Modern Ayurvedic Self-Care to Cleanse and Nourish the Five Senses
Coming to Ayurveda for the first time can be as daunting as it is exciting. The promise of experiencing more balance and energy with refreshed self-care routines might motivate us out of a rut, but change of any kind is likely to push up against our inherent desire for comfort and familiarity.
This conflict comes up especially in the arena of dinacharya, or the Ayurvedic daily routine.
Whether we’re aware of it or not, we all have a dinacharya—the things we do every day, often related to the hygienic maintenance of our body. From a young age, we’re trained to brush our teeth and comb our hair, make our bed and put on fresh clothes, eat meals and work at certain times. We’re taught to enjoy rest and fun (nap time and recess—for kids or adults!) at other times.
These rituals are so ingrained that many of us don’t think twice about them. We might not be aware of what they’re doing—or not doing—to promote our mental and physical health.
Beyond Getting Clean: The Healing Power of Dinacharya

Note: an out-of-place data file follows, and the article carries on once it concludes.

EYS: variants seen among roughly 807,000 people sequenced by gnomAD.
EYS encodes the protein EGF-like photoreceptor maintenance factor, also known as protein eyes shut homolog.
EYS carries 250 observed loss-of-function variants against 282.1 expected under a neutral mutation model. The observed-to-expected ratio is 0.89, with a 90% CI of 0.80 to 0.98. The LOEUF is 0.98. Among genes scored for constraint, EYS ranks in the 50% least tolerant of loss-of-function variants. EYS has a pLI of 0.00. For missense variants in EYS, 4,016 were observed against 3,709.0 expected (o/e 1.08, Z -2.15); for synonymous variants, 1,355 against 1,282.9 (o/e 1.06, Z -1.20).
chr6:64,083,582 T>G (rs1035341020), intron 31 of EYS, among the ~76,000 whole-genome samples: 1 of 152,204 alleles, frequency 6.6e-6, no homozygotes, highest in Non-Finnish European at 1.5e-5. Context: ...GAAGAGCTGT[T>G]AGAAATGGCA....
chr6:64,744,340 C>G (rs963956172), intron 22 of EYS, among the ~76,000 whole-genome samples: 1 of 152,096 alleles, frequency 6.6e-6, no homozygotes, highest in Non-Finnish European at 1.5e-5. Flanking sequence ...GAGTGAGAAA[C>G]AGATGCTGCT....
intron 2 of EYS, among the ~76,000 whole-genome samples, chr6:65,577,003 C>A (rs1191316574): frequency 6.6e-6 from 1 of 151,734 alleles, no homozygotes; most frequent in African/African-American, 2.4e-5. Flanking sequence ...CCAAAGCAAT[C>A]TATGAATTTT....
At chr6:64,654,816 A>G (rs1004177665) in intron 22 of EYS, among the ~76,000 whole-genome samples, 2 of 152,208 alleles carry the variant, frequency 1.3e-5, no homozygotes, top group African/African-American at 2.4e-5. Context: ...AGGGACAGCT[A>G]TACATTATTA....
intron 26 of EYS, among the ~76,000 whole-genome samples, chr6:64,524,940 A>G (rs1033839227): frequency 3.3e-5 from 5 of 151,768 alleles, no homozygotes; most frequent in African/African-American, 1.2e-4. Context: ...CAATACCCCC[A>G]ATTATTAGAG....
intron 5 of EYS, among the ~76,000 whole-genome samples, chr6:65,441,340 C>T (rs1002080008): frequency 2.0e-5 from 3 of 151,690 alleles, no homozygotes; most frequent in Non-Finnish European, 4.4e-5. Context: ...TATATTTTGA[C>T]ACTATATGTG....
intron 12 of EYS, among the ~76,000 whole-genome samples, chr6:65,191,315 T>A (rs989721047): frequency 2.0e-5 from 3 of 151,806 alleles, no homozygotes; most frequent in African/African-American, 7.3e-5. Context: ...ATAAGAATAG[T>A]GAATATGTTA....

In their essence, these routines are not too different from the routines that Ayurveda recommends. However, there are a few things that tend to trip people up when first committing to a traditional Ayurvedic dinacharya:
- The sheer fact that they’re different from what we’re used to.
- The tools used to do them, which can be new and unfamiliar.
- Finding the motive that keeps us committed to new habits.
Since a lot of our habits have been with us since childhood, it’s difficult to break those grooves or understand a new or different way of doing them. And yet, after just a week or so of new habits, they become second nature.
It can also be strange to swap out the products in your medicine cabinet for a bevy of new and different herbal oils—the main product used for “cleansing” in Ayurveda. In the West, we often associate oil with the opposite of clean, so the experience of using oil as a means of hygiene can take some getting used to.